State Music Room at Stowe House To Be Restored

Posted in on site, the 18th century in the news by Editor on April 30, 2011

Press release from Sue Bond Public Relations:

Through World Monuments Fund (WMF), The Paul Mellon Estate has announced a pledge of $250,000 towards the restoration of the State Music Room at Stowe House, the magnificent Grade I listed Neo-Classical palace set in 400 acres of landscaped park in Buckinghamshire. The funding means that the work will begin this year and should be completed by 2012-13.

WMF Britain’s Chief Executive Dr Jonathan Foyle said “The generous gift of The Paul Mellon Estate, along with donations from our members, trusts and foundations and others who responded to our recent Music Room Challenge, will allow one of the principal rooms of Stowe to be restored for everyone to enjoy. This magnificent response brings WMF’s £10 million fundraising challenge for Stowe to within £410,000 of its target – wonderfully positive news in these economically challenged times.” Completion of the State Music
Room will allow the core of historic spaces at Stowe to be presented as they
were at the turn of the 19th century, following the recent restoration of the
Marble Saloon and the Large Library.

World Monuments Fund Britain (WMF) included Stowe in its 2002 Watch List of endangered sites and began to support the project by substantially funding the restoration of the astonishing Marble Saloon with its 57-foot-high dome which was completed in 2005. One of the largest and most spectacular spaces to be found in any British country house, the Saloon is an oval version of the Pantheon in Rome. WMF in partnership with Stowe House Preservation Trust (SHPT) has undertaken the daunting challenge of restoring this great mansion with its 400 rooms and 1/6 mile-wide façade.

Situated between the Marble Saloon and the Large Library, the State Music Room is one of the finest late 18th century spaces in Britain, showcasing Italian artistry in the heart of England. Whilst begun in 1676, it was only after a century of ceaseless building and landscape gardening that Richard Grenville-Temple (1711-79), 2nd Earl Temple to some, largely completed
Stowe House, including the south front, the Temple Room and the Music
Room in the 1770s.

The exquisite decorations on the ceiling and walls are the laborious work of Vincenzo Valdre and were completed after 1781. Their style recalls the Pompeian discoveries which had attracted the Marquess of Buckingham on his Grand Tour of 1774. They depict flowers, butterflies and birds and bring a sense of fun with many classical figures cheerfully suspending swags or supporting a cornice. The imposing Corinthian columns at either end of the room are the work of Domenico Bartoli and imitate Siena marble. At the north end they frame a beautiful niche depicting a scallop-shell motif with oak leaves ornamenting its pilasters. The State Music Room was not only used for music and theatre but also for dining and breakfasting, as it still is today. The extensive restoration includes overhauling the heating system, replacing the floors, repairing mouldings and joinery, cleaning and restoring the wall paintings and panels, the doors and the columns, as well as extensive gilding.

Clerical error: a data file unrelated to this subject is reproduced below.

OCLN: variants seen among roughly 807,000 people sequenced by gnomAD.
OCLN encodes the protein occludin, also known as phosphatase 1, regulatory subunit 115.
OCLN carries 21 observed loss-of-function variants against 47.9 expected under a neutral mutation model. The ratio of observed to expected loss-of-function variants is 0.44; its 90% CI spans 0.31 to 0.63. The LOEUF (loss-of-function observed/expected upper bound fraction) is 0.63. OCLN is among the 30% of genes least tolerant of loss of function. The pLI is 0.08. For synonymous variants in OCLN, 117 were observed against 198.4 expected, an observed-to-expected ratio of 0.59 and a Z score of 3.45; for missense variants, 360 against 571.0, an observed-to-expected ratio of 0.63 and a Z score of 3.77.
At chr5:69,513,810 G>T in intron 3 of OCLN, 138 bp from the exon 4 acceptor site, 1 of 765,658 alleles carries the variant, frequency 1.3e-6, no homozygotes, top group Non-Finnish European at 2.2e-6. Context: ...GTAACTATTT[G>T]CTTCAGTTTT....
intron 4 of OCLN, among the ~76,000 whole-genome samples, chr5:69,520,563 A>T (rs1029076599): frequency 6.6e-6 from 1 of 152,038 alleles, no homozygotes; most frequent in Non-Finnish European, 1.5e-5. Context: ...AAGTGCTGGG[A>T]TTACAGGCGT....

From Easter 2011 visitors to Stowe House will be able to admire the recently restored Large Library, one of the most magnificent Georgian interiors in Britain, thanks to the generous support of World Monuments Fund, The Country Houses Foundation, Robert W. Wilson Challenge grant, an anonymous donor, other trusts, foundations and former pupils (known as Old Stoics). This restoration is part of an ongoing major conservation project at Stowe, which will enable the public to enjoy major rooms in the House in all their glory.

To support Stowe, please contact:
Cathy Giangrande, World Monuments Fund Britain, Registered charity no. 1126578
cathy@wmf.org.uk, Website, www.wmf.org.uk

3 Responses

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  1. Patrick Baty said, on April 30, 2011 at 11:04 am

    You may be interested to learn that a limited examination of the paint was carried out when I recently investigated the neighbouring rooms.

    The room has been decorated only twice. It appears that the second time was in the 1960s, probably in 1963 when it ceased to be the Bruce House room.

    It appears that a very pale pink colour was employed on the ceiling bed with a pale dull greenish colour on the cove, walls and other elements. The gilding is original.

  2. Editor said, on April 30, 2011 at 1:04 pm

    Thanks, Patrick. Really fascinating, and what a treat to hear from the expert! -CH

  3. Patrick Baty said, on April 30, 2011 at 2:11 pm

    You’re very kind. However, it’s a real treat to come across your newsletter as most of my work is focused on 18th century buildings.

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